Case Study Method in Simulation Game Design and Teaching

Case Study Method in Simulation Game Design and Teaching

Marcin Wardaszko (Kozminski University, Poland)
Copyright: © 2017 |Pages: 24
DOI: 10.4018/978-1-5225-0770-3.ch003
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Abstract

Case studies and simulation games have a lot in common. In this chapter, the author analyses the commonalities of case studies and simulation games in three different aspects. The first aspect is the use of simulation games as case study based simulation games for teaching and learning, which are essential parts of simulation and gaming. The second aspect is designing case-study-based simulation games for educational purposes. The third aspect is using case-study-based simulation games in organisational development to increase the effectiveness of organisations and cultural changes. In order to help to design the appropriate learning experience, the author proposes a new game classification related to rule rigidity and win-state conditions, which will help the designers in their task of designing the proper case-study-based simulation game.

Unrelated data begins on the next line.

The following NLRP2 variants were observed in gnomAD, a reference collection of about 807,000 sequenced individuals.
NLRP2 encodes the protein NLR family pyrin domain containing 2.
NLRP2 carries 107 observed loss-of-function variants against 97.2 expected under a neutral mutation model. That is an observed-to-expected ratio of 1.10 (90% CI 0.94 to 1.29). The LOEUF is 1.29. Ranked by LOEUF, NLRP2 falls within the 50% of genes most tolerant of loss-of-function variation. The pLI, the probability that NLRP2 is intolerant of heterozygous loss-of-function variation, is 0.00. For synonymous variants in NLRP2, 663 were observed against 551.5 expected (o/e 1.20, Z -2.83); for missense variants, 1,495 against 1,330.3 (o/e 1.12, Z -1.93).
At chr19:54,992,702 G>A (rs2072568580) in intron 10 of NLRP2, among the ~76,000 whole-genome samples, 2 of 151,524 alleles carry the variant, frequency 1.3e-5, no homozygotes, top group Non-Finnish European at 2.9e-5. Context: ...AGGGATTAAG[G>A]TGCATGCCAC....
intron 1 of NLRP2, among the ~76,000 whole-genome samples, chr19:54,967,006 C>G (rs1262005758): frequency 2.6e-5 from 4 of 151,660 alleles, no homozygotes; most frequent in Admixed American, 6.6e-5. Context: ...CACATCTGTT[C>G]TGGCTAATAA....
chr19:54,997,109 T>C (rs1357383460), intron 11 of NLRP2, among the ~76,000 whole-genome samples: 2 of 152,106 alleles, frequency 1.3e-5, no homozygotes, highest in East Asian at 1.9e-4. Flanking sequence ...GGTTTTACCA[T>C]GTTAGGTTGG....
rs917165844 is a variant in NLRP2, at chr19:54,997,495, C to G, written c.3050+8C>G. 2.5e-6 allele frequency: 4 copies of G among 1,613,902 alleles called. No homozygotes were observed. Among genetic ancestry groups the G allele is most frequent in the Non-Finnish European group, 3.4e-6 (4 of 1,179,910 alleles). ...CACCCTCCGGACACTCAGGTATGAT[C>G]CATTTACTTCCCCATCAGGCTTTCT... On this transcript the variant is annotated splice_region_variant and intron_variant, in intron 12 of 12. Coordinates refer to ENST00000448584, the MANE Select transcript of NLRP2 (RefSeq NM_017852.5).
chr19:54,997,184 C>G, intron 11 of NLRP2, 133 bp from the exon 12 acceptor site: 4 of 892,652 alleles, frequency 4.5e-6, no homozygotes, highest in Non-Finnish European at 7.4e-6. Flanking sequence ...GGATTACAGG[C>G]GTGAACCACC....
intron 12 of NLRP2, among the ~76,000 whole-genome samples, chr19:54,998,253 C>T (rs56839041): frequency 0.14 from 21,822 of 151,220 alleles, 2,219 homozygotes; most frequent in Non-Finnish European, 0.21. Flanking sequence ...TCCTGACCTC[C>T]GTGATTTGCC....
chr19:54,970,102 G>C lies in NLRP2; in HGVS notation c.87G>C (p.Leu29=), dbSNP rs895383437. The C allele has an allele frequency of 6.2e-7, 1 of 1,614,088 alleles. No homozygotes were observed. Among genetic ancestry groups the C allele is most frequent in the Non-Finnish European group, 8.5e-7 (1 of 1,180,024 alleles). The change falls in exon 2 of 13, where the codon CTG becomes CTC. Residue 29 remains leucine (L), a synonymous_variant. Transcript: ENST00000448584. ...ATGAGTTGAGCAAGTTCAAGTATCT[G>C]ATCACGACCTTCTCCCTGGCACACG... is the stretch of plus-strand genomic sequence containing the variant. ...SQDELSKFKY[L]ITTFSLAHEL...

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Case Studies Versus Simulation Games In Learning

Both case studies and simulation games are considered active teaching methods with a strong inclination towards experiential learning based on the Kolb (1984) learning cycle. Experience-based learning is a change in the paradigm of teaching, where the word “teaching” involves assuming the point of view of the teacher and the teacher’s perception a priori. The model of teaching from a teacher’s perspective is group-centric. The person passing on the knowledge aims to give the facts in the most efficient way, and students try to assimilate the information to as great an extent as possible; this is the reason for the substantial focus on the process of transfer of knowledge. Experience-based teaching focuses on the perspective of students, who should learn to shape their own opinions through involvement and gained experience and thus develop their knowledge store. Experience-based teaching concentrates on the individual and on developing the individual’s abilities, rather than on assimilating facts. The biggest emphasis is on the learner and on the actions taken by them during the learning process.

Kolb’s Experiential Learning Model represents a system of teaching based on three simple steps:

  • Do

  • Rethink

  • Develop and implement (experiment with) the ideas for improvement

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